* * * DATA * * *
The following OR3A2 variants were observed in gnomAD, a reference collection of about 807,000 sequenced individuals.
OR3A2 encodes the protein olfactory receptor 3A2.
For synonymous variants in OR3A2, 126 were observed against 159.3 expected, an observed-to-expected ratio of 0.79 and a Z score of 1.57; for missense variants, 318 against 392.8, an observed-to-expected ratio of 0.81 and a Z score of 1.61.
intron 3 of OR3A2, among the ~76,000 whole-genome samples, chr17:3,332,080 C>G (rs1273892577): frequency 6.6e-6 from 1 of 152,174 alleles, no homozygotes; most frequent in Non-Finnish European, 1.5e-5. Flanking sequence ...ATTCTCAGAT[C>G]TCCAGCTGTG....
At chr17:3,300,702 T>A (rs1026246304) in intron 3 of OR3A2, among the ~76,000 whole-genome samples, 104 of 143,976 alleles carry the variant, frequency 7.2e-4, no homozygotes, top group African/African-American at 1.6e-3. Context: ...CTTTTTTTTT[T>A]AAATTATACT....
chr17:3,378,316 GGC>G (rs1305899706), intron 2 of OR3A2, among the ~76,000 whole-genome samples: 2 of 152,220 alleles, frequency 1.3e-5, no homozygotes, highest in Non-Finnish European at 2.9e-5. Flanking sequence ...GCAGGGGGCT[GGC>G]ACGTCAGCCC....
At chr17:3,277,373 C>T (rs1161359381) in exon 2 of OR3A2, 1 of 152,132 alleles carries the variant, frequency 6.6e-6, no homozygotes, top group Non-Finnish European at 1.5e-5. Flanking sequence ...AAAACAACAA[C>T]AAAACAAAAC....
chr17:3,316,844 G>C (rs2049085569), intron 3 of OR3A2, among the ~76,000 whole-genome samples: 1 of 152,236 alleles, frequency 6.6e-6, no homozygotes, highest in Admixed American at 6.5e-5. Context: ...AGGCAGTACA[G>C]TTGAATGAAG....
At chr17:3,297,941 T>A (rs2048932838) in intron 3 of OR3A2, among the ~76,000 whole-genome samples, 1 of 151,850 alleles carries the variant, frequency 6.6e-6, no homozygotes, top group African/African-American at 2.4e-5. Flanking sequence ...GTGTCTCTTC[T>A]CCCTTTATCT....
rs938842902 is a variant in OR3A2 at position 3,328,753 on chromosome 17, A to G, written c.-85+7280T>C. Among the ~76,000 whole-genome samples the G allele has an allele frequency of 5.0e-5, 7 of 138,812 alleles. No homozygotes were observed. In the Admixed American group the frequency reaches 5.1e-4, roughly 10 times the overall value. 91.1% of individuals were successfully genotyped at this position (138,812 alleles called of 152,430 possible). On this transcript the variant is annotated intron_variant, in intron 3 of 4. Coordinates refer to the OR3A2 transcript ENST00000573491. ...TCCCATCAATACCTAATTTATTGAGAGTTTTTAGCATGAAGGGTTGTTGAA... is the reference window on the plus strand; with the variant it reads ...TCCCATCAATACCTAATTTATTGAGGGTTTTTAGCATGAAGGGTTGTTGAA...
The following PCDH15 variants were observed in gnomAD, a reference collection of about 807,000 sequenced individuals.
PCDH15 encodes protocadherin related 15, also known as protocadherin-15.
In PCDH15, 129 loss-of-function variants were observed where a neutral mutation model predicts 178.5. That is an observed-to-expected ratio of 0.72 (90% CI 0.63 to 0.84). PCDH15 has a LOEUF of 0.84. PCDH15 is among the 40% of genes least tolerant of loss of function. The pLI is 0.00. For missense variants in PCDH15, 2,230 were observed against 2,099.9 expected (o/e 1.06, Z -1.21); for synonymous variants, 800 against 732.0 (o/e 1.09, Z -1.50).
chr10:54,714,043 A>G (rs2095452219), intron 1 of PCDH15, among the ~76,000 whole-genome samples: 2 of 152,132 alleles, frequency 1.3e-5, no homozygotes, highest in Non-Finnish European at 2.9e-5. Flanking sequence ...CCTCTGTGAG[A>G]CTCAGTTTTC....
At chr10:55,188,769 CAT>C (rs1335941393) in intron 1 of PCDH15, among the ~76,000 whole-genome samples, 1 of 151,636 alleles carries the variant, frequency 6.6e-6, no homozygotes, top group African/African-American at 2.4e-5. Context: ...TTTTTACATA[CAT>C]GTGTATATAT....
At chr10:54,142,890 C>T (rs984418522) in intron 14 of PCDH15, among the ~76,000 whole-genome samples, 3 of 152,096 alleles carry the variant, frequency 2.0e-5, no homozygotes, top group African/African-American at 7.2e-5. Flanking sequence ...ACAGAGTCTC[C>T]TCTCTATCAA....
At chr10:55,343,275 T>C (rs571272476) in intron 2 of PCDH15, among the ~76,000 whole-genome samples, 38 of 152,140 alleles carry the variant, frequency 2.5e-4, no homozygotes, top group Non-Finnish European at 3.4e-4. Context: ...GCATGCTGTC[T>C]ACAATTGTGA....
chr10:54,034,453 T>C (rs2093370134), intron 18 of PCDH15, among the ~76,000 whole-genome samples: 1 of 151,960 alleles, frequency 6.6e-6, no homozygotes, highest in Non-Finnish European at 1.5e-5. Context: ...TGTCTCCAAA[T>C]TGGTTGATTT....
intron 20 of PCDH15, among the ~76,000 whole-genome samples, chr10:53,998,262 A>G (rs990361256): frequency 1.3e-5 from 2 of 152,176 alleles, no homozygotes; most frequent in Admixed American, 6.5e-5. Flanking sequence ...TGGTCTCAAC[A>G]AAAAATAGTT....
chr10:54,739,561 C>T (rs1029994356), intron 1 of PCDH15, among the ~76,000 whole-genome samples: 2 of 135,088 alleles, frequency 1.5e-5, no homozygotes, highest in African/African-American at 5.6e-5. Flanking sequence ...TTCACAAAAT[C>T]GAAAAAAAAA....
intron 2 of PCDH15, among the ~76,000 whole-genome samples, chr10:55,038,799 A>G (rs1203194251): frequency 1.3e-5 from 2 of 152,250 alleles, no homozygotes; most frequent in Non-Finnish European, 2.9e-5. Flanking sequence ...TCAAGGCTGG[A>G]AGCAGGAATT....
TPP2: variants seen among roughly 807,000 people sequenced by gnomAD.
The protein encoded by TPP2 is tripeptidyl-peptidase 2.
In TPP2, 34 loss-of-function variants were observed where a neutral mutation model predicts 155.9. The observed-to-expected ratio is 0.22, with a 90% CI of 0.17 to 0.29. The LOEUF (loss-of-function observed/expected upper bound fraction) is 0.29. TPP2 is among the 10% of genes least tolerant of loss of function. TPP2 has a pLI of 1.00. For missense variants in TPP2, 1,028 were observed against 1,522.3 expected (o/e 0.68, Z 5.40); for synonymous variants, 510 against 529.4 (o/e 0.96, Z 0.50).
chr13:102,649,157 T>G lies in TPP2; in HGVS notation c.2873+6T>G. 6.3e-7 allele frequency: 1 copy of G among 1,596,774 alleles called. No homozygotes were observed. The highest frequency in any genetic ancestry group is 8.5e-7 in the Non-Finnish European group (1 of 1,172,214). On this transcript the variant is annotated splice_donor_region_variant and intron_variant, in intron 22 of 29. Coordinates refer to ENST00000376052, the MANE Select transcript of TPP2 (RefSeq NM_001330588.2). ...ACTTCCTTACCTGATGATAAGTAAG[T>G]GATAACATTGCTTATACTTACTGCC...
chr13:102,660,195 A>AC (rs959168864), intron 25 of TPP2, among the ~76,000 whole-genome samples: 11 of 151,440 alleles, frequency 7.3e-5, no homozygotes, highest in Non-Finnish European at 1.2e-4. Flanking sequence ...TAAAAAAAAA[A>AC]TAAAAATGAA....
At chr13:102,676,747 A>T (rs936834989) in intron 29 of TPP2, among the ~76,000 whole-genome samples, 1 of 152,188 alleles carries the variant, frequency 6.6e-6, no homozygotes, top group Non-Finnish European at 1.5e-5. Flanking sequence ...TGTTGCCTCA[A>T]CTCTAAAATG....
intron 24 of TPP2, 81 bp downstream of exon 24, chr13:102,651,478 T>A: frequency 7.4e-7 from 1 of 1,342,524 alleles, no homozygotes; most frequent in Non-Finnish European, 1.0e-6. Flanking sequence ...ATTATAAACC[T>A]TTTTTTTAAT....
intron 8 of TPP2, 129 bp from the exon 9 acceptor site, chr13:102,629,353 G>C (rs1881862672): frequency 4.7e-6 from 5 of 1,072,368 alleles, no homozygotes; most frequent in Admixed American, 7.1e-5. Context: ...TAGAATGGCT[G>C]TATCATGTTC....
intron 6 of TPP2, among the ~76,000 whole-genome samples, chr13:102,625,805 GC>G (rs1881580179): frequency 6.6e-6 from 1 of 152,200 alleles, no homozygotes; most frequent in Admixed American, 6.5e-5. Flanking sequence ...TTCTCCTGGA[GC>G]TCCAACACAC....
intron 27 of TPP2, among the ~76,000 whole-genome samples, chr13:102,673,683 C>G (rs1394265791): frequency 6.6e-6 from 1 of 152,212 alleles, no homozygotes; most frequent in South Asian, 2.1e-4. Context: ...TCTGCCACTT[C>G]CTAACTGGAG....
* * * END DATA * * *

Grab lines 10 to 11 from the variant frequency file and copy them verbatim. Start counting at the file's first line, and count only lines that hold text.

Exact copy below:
rs938842902 is a variant in OR3A2 at position 3,328,753 on chromosome 17, A to G, written c.-85+7280T>C. Among the ~76,000 whole-genome samples the G allele has an allele frequency of 5.0e-5, 7 of 138,812 alleles. No homozygotes were observed. In the Admixed American group the frequency reaches 5.1e-4, roughly 10 times the overall value. 91.1% of individuals were successfully genotyped at this position (138,812 alleles called of 152,430 possible). On this transcript the variant is annotated intron_variant, in intron 3 of 4. Coordinates refer to the OR3A2 transcript ENST00000573491. ...TCCCATCAATACCTAATTTATTGAGAGTTTTTAGCATGAAGGGTTGTTGAA... is the reference window on the plus strand; with the variant it reads ...TCCCATCAATACCTAATTTATTGAGGGTTTTTAGCATGAAGGGTTGTTGAA...
The following PCDH15 variants were observed in gnomAD, a reference collection of about 807,000 sequenced individuals.